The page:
Penetration Testing your AWS environment - a CTO’s guide
So, you've been thinking about getting a Penetration Test done on your Amazon Web Services (AWS) environment. Great! What should that involve exactly?
There are many options available, and knowing what you need will help you make your often limited security budget go as far as possible. Broadly, the key focus areas for most penetration tests involving AWS:
- Your externally accessible cloud infrastructure
- Any application(s) you're building or hosting
- Your internal cloud infrastructure
- Your AWS configuration itself
- Secrets management
We'll look at each one, starting with the most important:
The good news here is that, by default, AWS does its best to help you stay secure. For example, the default security groups don't let your EC2 instances receive communication from the outside world unless you actively specify it by adding additional rules.
That said, AWS still allows you plenty of rope to hang yourself with if you're not careful. Classic mistakes like engineering teams changing security groups to allow all inbound access are still a problem, and the nature of DevOps means services can be coming up and down regularly, not always with the knowledge of team managers.
Though, there is no easier way for a hacker to compromise you than finding a simple security weakness missed in your internet-facing infrastructure, whether that's an exposed database or software with known vulnerabilities. Attackers have the maximum payoff for the minimum effort, so the likelihood of this happening is the highest — therefore should be your first port of call to fix.
It can be challenging to stay on top of cloud vulnerability management due to the dynamic nature of these systems and continuous changes to your environment, with new vulnerabilities being released daily. However, modern vulnerability scanning solutions, such as Intruder, are customised to your cloud environment. You should consider using one of these tools before running a penetration test, as they help continuously manage vulnerabilities in your infrastructure with automatic scans.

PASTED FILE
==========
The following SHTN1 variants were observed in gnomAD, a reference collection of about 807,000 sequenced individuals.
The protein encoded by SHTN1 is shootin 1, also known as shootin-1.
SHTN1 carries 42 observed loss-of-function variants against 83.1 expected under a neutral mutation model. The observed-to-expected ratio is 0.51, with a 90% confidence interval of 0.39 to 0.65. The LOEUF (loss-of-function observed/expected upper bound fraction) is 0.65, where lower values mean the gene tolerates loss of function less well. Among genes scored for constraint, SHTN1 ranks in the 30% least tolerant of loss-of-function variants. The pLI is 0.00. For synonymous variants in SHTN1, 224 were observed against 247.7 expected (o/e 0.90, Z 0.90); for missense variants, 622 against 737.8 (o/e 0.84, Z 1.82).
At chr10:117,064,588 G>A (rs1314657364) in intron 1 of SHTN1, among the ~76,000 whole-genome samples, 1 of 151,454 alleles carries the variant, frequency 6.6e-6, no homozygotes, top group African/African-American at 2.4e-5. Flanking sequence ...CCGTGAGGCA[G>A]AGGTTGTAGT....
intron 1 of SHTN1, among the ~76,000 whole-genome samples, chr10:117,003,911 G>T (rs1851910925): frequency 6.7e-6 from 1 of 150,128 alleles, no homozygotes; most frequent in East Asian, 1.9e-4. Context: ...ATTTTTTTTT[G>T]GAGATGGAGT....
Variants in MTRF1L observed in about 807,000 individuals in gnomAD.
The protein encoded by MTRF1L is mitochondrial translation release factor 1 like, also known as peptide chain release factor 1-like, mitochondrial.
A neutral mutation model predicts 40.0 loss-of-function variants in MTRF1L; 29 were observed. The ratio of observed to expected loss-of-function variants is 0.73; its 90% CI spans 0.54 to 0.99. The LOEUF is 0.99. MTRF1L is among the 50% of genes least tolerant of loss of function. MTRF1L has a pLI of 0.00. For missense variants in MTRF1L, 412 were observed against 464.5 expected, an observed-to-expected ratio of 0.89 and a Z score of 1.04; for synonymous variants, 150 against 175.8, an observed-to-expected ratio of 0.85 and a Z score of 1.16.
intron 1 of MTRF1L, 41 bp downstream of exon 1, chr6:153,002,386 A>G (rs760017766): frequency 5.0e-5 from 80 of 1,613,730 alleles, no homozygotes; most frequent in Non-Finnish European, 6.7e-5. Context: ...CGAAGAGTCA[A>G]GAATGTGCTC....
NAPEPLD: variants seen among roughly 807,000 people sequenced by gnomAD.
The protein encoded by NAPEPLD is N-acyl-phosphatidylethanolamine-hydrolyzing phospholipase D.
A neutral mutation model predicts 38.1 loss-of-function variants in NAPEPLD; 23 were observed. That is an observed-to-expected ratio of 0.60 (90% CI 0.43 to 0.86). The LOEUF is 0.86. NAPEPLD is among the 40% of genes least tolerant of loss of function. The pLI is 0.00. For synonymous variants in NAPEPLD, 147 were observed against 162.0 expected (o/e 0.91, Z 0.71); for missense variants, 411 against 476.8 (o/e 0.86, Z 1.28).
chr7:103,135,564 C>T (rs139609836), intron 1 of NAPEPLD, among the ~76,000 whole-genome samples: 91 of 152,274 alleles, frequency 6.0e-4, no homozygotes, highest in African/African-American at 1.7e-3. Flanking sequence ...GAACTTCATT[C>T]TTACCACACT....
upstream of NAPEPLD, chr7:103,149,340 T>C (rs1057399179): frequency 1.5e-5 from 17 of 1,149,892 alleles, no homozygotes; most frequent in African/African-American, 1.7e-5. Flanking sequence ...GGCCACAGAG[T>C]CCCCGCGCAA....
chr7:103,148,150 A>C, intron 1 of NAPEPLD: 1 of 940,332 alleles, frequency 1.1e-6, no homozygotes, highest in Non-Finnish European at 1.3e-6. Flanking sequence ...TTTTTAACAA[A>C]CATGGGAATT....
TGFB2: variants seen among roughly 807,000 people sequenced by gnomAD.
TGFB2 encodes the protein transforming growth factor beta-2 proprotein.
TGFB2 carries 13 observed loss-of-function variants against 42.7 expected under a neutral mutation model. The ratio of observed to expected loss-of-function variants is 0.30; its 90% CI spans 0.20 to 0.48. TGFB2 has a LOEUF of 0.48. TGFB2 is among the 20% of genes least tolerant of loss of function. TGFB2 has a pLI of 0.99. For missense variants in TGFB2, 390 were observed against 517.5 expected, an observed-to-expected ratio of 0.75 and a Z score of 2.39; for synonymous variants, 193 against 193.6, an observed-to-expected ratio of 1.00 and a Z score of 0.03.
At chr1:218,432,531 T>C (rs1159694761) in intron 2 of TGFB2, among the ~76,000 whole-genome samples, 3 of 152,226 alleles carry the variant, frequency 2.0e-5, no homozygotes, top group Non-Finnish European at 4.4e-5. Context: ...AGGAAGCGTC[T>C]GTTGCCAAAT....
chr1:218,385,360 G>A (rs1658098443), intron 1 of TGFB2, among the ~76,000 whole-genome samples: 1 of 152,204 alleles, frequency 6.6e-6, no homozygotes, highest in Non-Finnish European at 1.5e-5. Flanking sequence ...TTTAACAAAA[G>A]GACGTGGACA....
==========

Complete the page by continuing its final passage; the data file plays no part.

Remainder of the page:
As it's your most exposed attack surface, you probably wouldn't want to remove your external infrastructure from the scope of any pen-test. And, still, you shouldn't assign a large proportion of your budget to it if possible, and don't expect to see many results beyond what you've come to expect from your vulnerability scanning tools.
Many companies use AWS to host web application(s) for customers, employees, or partners. Unfortunately, web applications, designed to be exposed by their nature, present attackers with the second easiest way into your systems - if they're not developed securely. This makes them the second most crucial attack surface after your external infrastructure.
Examples of such attacks include the Kaseya incident in 2021, where attackers successfully compromised Kaseya and distributed ransomware to its customers in a supply-chain attack. The right-wing social media site Gab was also compromised early in 2021 and had 70GB of sensitive user data leaked because of a SQL injection vulnerability. Going further back, the famous TalkTalk hack, a 17-year-old customer managed to find his way into their customer database and extract millions of records.